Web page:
The theology of church-state relations in Protestant thought with final reference to the contemporary context of the Chinese churches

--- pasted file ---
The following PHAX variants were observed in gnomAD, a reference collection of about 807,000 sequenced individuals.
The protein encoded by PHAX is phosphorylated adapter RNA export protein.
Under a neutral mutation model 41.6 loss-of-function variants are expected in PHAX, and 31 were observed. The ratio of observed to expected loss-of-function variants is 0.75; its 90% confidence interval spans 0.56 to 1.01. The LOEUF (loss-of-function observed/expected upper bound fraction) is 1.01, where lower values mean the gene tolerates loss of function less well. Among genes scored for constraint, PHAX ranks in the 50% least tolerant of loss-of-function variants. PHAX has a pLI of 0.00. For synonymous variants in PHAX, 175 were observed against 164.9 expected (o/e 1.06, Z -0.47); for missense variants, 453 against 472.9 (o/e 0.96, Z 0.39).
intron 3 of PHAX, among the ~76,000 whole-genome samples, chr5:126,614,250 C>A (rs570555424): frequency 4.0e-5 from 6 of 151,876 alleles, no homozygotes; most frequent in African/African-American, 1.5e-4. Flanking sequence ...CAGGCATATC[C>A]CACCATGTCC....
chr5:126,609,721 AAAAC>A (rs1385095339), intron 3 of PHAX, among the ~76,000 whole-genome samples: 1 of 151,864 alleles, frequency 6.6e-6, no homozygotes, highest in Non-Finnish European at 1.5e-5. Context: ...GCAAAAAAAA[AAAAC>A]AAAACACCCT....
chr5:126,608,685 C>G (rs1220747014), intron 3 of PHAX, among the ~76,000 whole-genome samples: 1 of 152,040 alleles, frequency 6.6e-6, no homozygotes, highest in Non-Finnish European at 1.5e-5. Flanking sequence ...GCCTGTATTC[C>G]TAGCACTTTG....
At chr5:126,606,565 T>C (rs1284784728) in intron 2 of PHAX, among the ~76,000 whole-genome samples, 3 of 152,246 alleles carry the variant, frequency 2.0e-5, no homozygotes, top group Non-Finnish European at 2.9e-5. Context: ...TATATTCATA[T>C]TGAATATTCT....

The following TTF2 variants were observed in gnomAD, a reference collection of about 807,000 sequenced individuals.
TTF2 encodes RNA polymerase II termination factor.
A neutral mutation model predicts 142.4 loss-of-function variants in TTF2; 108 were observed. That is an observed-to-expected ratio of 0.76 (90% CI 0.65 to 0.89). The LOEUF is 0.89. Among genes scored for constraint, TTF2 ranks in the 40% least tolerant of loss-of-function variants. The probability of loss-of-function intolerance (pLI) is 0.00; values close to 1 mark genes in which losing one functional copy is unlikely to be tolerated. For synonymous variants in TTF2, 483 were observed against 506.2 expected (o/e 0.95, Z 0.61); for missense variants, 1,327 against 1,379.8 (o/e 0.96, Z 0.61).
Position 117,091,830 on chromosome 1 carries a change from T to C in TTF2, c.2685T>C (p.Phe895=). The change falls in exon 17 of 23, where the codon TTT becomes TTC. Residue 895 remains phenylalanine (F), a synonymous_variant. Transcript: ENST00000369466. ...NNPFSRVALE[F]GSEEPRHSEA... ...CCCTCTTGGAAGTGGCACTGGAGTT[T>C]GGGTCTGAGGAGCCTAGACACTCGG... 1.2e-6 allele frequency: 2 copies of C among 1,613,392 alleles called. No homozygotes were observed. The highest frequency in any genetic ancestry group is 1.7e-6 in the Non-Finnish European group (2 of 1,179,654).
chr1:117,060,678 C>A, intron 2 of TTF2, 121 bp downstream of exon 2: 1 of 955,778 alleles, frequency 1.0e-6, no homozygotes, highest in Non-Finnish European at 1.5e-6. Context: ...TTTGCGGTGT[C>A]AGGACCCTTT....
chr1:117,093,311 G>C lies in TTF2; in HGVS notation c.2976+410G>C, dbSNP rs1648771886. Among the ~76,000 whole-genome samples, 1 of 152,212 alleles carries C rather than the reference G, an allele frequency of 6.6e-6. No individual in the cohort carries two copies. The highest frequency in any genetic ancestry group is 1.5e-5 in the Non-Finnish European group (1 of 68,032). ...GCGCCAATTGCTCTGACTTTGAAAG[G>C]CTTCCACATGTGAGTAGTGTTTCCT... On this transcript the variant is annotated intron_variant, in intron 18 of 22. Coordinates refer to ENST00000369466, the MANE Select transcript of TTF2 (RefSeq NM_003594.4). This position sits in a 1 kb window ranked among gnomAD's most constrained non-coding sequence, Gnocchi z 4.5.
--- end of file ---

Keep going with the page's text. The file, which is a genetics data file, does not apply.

The thesis is a study of the theology of church-state relations in Protestant thought with reference to the secular world and the Chinese context in particular. The theological basis is the Chalcedonian character of differentiation without confusion yet coordination without division. Hence I argue for both complementarity of church and state and critical support of the church for the state. In the contemporary pluralist era, the church should recognize itself as one among other institutions cooperating with the state for the benefit of society. Also the church should emphasize itself as a religious community proclaiming Christ's salvation and a moral community living out Christ's love for others. The manner of applying this theological principle is context-specific, giving rise to different emphases. Luther emphasizes the necessity of civil obedience to be offered by the church to the state, unless the state oversteps its limit. This emphasis fits in the context of obtaining civil support for his reformation. Calvin upholds a distinction while emphasizing a cooperation of the two entities to regulate society, even allowing the convergence of their jurisdiction. It is feasible only when the Genevan city council sides with Calvin's reformation, providing a suitable context beforehand. In the context of Nazi Germany, Barth emphasizes a theology of mutual responsibility as the basis of church and state to fulfil their obligations. His writing of Barmen Declaration manifests a distinctive confessional responsibility as the basis of Christian political witness. This context of a totalitarian government also promotes Bonhoeffer's teaching on Christian discipleship, emphasizing representative action which is an imitation of Christ to live for others, even to the extent of self-sacrifice. Moreover, by stressing religious and political differentiation, secularization leads to a more clarified distinction of the functions of church and state in society. Yet the context of secularization enhances the theology of mutual responsibility of church and state which can beneift society as a whole. It excludes the concept of anarchy, and the church's flight from the concrete conditions of human society. The Chinese context further reveals that the church in this modern world is no longer the sole partner of the state but is merely one among other institutions working for the good of the nation. So the church's contribution to secular order is less at the level of state and more at the level of civil society.